But what about these kids in Chicago? Adolescents or younger at the time of the September 11th attacks, their sense of national identity has formed against the backdrop of the Bush Administration, the "War on Terror" and the emergence of Barack Obama's insurgent political campaign. What does patriotism mean to them? Has the political landscape evolved so much that what took me seven years to discover took them 30 seconds? Have our "Peace Is Patriotic" bumper stickers been THAT effective?
To an extent, yes. This decade's antiwar movement failed to prevent the invasion of Iraq, but we have helped to bring about a shift in consciousness about what it means to love one's country. For evidence, look no further than Obama himself. His opposition to the Iraq invasion, which in 2002 was seen as a political liability, became his biggest asset 5 years later. Now, with public opinion solidly against both the war and the Bush administration, Obama is being welcomed both domestically and abroad as the face of a new America.
This is cause for celebration, to be sure. But we must not get lost in the symbolism. Whether or not Obama wears a flag pin is, after all, of little consequence to Afghan civilians killed by American bombs. How do we make sure that the "change" we elect is more than cosmetic, that a shift in our national self-conception translates into a policy shift? How do we take a symbol that has represented violence and authentically transform it into a symbol of peace?
In "Don't Put Down Your Flag", rapper/revolutionary M-1 of Dead Prez addresses gang members and advocates redefining gang symbolism rather than abandoning it.
"So what if we just tied our flags together?
And put away our differences forever?....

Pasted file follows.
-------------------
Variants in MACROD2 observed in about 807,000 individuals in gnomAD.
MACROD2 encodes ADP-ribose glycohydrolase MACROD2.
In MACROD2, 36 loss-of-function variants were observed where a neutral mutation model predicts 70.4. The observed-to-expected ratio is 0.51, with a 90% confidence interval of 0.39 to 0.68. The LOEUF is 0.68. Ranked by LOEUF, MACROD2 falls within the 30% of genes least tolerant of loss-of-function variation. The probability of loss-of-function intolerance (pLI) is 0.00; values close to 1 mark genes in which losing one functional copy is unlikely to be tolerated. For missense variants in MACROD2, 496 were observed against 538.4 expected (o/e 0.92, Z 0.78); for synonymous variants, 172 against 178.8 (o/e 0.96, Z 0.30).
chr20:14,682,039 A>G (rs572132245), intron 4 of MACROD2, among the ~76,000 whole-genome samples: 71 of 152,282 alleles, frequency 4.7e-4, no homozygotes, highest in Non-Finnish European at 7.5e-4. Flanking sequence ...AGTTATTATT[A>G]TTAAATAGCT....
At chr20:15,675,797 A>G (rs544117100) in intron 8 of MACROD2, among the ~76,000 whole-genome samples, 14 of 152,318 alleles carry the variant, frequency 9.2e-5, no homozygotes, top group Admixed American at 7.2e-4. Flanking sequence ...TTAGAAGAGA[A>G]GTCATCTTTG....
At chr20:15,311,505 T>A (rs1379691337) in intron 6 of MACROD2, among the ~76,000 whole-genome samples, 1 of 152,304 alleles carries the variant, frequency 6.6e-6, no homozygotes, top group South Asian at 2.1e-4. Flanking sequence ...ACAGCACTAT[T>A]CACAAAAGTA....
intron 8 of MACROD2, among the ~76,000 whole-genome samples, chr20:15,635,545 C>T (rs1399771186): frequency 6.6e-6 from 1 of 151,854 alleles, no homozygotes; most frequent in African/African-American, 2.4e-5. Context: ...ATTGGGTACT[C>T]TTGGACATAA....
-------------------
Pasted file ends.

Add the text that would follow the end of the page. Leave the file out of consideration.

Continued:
[because we're] from the same family line
now I'm not trying to say don't ride or don't bang
but use new eyes when you're looking at the game
like no slanging around the babies
and makin sure they get to school safely...
...when your kids start saying 'that's gangsta'
it was because they kept their granny outa danger"
Rather than challenging people to reject their flags, he appeals to the values (familial ties, self-defense, financial empowerment) that he believes are the ultimate source of meaning for those who wave them. He then calls for a change in behavior based on those values in order to reduce (though not eliminate) the violence waged in their name.
A similar approach is taking shape across the political spectrum. Through aggressive outreach and public witness, people like Evangelical leader Jim Wallis of Sojourners magazine have brought nuance and depth to the national conversation about faith, freeing "Christianity" from the clutches of the Religious Right. From the Iraq Veterans Against the War to Colin Powell himself, military servicepeople are stepping forward to challenge the notion that Republicans hold any sort of monopoly on caring for our troops. Progressive Jewish leaders have come together to form "J-Street" a family of organizations designed to "mobilize political support for a new direction in American policy in the Middle East." "Pro Christian" "Pro-military" and "Pro-Israel" are just three of the terms whose definition is in flux.